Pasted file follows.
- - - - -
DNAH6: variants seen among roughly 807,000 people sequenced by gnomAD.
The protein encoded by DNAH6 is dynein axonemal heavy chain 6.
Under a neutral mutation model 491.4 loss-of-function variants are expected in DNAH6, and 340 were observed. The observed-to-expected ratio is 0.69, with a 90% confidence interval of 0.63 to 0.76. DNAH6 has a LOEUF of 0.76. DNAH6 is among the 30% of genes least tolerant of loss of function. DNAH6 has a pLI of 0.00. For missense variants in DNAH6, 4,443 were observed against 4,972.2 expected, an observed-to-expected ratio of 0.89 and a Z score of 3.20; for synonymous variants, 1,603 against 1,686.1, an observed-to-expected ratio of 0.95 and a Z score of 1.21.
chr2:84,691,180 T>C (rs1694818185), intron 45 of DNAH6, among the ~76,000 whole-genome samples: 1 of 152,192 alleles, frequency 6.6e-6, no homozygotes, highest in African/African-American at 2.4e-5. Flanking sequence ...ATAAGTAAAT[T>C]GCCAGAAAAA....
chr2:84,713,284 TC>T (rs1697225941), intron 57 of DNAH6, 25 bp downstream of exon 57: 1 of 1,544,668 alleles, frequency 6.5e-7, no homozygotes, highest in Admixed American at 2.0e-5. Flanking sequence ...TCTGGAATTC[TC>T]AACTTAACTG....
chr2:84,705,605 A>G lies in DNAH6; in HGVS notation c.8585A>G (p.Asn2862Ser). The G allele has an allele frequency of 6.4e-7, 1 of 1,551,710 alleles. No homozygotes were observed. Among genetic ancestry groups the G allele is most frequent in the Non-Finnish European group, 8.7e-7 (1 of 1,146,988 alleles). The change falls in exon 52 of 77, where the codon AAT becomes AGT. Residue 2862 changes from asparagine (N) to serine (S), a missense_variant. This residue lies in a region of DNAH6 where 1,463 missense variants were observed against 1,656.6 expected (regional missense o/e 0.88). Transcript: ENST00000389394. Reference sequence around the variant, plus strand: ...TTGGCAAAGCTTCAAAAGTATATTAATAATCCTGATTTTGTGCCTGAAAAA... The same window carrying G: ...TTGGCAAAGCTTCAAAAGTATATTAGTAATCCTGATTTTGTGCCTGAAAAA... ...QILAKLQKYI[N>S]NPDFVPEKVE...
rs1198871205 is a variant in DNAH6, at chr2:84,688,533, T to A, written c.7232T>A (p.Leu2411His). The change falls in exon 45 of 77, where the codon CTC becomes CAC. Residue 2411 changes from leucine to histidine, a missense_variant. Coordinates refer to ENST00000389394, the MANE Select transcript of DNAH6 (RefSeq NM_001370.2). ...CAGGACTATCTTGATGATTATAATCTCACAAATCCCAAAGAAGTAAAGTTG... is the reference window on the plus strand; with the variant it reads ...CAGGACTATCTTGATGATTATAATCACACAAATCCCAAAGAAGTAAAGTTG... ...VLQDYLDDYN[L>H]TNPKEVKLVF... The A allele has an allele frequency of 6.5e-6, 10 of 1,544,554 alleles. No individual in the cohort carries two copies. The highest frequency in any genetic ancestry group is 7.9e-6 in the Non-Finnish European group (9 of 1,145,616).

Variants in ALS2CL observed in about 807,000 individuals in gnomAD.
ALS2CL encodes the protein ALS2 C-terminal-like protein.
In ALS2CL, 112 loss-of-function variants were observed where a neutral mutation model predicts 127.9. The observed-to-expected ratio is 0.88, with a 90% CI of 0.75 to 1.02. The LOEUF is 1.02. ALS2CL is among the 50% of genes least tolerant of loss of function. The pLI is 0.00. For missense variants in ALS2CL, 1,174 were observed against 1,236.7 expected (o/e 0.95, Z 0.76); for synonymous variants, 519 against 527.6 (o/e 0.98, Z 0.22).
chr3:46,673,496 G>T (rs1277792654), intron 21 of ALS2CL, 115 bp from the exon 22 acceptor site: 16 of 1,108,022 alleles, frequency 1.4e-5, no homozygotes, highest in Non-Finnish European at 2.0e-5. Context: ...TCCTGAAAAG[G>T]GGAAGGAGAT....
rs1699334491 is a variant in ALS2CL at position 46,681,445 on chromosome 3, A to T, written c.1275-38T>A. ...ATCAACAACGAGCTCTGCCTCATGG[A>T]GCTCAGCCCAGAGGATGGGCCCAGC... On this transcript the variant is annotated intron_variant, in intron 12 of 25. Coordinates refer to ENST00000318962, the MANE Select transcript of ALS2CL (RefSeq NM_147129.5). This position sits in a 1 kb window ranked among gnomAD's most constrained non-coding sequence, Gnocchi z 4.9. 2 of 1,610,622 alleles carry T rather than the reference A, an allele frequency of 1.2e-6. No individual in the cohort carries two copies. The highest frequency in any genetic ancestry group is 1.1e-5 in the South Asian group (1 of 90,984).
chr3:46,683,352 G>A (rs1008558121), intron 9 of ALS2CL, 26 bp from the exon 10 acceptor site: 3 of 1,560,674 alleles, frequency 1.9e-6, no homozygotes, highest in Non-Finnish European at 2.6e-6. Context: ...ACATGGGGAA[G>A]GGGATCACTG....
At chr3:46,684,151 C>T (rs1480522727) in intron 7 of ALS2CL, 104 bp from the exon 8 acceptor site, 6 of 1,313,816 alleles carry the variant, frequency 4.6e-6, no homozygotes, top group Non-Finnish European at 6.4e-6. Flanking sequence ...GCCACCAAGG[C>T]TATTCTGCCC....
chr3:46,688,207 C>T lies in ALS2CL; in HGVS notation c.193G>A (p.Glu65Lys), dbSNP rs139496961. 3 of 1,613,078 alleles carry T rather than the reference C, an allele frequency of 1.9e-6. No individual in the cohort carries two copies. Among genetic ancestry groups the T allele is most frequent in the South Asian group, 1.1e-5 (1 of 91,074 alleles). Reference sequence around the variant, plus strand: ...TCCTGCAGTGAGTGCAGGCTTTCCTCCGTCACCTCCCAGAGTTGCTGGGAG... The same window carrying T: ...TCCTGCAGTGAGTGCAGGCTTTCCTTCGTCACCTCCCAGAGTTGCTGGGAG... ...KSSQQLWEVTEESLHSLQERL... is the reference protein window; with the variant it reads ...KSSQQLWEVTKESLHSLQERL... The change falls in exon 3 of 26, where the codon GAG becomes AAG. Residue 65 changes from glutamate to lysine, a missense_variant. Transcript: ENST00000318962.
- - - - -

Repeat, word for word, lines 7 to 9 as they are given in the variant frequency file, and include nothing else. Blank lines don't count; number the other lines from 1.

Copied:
rs1198871205 is a variant in DNAH6, at chr2:84,688,533, T to A, written c.7232T>A (p.Leu2411His). The change falls in exon 45 of 77, where the codon CTC becomes CAC. Residue 2411 changes from leucine to histidine, a missense_variant. Coordinates refer to ENST00000389394, the MANE Select transcript of DNAH6 (RefSeq NM_001370.2). ...CAGGACTATCTTGATGATTATAATCTCACAAATCCCAAAGAAGTAAAGTTG... is the reference window on the plus strand; with the variant it reads ...CAGGACTATCTTGATGATTATAATCACACAAATCCCAAAGAAGTAAAGTTG... ...VLQDYLDDYN[L>H]TNPKEVKLVF... The A allele has an allele frequency of 6.5e-6, 10 of 1,544,554 alleles. No individual in the cohort carries two copies. The highest frequency in any genetic ancestry group is 7.9e-6 in the Non-Finnish European group (9 of 1,145,616).

Variants in ALS2CL observed in about 807,000 individuals in gnomAD.
ALS2CL encodes the protein ALS2 C-terminal-like protein.